Dizzying Diaries

        Even Harvey Hirsh himself would readily agree that he was an odd fellow.

        For one thing, he always showered before taking a bath.

       "I hate the thought of sitting in all that dirty water," he'd explain, although nobody ever asked him about it.

        For another, he always wore socks of two different colours and patterns.

       "Fingers aren't treated equally; some have rings and others don't," he'd explain, although nobody ever asked him about it. "Two feet should be equally distinct."

       Harvey also preferred watching television with the sound off, and eating three square meals one after the other at ten-thirty every morning.

       He also had a very odd hobby.

        Every Saturday morning at precisely ten-fifteen, Harvey's assistant Joe would ring the front doorbell and then walk around to the covered back entrance, where he would deposit a full cardboard box, pick up an envelope bulging with money, and leave through an opening in the hedge to the side of the garden. .

       Immediately after his meals, Harvey would dig into the week's delivery, pulling out the notebooks, ledgers, leather-bound books, binders and other collections of diaries.

       He'd read random passages here and there, chortling with glee as he indulged his passion for strangers' lives.

     "What a treasure. Listen to this," he said to Ferris, his pet ferret, one Saturday morning. Then, as he did every week, he read aloud in his odd voice, which sounded much like the spray from an aerosol can. "April 10: Worked. Felt poorly. Almost threw up on Mr. Andersen's desk but managed to get to the bathroom. Home at last and had a good nap, tho' still couldn't manage supper. Heidi called about get-together at the Pink Elephant. Great music. Drank Grasshoppers and B52 shooters. Danced. Great time!!!!!!!"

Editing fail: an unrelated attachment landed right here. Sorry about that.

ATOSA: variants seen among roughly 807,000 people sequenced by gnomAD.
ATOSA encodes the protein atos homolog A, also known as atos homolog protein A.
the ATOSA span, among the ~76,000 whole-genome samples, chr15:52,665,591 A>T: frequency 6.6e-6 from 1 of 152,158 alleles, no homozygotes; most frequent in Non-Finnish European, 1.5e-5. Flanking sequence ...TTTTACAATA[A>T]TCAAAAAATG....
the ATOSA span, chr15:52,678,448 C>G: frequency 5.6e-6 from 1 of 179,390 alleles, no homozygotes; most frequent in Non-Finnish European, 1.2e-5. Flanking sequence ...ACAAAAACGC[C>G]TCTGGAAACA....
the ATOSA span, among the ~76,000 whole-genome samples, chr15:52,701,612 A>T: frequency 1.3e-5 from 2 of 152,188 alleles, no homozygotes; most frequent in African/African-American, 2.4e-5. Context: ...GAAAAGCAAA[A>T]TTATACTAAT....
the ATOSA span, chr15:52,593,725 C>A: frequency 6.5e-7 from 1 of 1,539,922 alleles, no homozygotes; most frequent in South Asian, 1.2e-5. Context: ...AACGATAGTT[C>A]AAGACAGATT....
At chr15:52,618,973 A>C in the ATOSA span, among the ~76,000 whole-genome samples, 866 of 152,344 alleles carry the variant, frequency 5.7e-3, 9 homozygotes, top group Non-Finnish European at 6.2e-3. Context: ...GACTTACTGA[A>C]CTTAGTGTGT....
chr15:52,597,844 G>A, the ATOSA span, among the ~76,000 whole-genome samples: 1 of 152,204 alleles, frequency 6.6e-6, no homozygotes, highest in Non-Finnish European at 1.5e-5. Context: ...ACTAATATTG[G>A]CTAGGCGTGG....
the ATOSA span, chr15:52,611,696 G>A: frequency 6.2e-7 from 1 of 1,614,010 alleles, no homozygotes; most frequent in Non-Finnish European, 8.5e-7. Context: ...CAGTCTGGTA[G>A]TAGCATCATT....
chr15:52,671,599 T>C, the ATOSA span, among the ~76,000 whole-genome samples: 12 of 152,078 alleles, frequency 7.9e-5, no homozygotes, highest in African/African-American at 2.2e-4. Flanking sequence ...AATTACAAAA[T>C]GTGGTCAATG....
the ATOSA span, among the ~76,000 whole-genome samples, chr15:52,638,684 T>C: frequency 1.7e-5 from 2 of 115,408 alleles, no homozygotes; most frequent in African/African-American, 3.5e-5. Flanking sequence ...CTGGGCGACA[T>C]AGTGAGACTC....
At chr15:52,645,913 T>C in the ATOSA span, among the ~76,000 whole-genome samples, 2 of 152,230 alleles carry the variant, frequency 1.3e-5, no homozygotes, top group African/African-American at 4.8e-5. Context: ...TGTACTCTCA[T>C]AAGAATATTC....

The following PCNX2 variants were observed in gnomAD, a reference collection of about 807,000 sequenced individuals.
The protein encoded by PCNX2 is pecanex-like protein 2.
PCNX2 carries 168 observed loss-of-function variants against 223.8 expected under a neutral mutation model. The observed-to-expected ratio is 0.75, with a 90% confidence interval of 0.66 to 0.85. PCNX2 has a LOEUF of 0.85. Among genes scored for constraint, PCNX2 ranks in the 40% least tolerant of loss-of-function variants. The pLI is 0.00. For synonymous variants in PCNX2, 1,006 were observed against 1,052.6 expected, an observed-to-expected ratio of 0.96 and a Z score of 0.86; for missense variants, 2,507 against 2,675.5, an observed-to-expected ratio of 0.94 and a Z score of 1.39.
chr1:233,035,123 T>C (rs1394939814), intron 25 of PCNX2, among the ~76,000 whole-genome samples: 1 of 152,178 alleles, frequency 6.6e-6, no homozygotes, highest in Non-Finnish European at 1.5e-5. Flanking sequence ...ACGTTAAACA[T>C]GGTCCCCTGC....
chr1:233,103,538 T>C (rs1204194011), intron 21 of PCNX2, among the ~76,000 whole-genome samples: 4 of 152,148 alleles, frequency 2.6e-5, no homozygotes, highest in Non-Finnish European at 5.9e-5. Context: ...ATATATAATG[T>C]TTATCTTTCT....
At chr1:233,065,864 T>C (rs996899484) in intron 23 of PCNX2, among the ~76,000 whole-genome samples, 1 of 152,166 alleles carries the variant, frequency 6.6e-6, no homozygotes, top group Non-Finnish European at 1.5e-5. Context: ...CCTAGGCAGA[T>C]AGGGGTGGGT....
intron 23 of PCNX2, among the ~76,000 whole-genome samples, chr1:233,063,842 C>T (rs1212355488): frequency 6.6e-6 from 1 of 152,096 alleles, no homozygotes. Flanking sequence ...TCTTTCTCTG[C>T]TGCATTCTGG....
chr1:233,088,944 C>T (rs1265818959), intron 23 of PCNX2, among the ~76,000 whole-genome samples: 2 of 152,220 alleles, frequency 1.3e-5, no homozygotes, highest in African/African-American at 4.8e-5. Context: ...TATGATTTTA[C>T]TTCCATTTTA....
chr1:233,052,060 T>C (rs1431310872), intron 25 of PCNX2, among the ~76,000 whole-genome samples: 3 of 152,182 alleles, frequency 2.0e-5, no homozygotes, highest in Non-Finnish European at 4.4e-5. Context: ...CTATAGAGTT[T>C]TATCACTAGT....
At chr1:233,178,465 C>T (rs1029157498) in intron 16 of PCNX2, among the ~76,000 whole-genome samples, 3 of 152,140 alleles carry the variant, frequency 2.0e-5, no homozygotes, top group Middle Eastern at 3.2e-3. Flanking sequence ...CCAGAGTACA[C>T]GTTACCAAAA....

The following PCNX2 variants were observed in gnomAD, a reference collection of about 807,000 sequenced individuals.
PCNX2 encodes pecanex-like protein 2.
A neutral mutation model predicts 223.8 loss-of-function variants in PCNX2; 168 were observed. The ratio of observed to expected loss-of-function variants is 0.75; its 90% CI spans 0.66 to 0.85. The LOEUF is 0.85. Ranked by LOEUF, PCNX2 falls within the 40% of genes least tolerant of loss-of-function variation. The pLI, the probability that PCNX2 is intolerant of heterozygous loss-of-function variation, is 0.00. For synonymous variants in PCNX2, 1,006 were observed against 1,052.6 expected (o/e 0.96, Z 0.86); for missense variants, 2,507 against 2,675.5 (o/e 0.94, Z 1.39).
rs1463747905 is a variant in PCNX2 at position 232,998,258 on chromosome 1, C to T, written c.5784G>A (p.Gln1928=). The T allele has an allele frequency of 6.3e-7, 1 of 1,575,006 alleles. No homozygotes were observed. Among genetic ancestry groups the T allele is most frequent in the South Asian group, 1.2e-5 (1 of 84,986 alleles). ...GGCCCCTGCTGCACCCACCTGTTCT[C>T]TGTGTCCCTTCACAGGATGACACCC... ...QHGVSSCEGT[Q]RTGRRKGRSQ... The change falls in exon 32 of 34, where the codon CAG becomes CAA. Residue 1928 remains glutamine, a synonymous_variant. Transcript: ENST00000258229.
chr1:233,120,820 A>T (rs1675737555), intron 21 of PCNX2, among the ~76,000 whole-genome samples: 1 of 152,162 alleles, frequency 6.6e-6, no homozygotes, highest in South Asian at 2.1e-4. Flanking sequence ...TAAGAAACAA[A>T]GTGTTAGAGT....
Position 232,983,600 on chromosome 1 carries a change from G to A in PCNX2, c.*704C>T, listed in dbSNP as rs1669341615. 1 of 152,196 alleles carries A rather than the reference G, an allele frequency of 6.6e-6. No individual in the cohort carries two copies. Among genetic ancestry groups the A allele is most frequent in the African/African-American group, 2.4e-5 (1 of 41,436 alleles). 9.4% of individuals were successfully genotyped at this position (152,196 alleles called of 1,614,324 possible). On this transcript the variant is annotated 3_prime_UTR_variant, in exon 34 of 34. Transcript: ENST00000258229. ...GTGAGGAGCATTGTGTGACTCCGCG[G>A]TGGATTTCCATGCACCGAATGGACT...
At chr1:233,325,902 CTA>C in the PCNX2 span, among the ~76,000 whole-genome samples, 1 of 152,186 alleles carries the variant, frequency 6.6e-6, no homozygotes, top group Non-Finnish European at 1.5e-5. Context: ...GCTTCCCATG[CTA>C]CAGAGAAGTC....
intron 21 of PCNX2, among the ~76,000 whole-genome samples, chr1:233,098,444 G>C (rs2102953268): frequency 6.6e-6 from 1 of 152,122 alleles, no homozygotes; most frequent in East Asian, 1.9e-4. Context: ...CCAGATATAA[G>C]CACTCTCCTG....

Ferris didn't react at all, which is normal for stuffed animals, but Harvey chattered excitedly on..

     "Don't know yet, Ferris; we'll see. But I'm inclined to think D for Drunkard," said Harvey as he lovingly placed the booklet in a large plastic laundry basket neatly labelled D.

     He pulled another small volume from the cardboard box and flipped to a page in the middle. "August 20," he read. "Still no word from Max. Thought I felt the baby move today. Tried calling to tell him, but the phone was out of service. I'm sure he'll call tomorrow."

    "For now, that sounds to me like another double W: either Woman Wronged or Woman Witless," said Harvey. He put the diary in a receptacle marked WW, by far the fullest basket.

     He sat down at his vast desk and slid a large, leather-bound book out of the top left-hand drawer. He pulled a fountain pen from the centre drawer and opened his own diary. Very neatly, he wrote out the day's date and then one word: 'Ditto.'

     The identical terse entry went back hundreds of pages; all the way to January 6, 2004, which read: Had Joe buy people's diaries. Read them. Filed them.

The End

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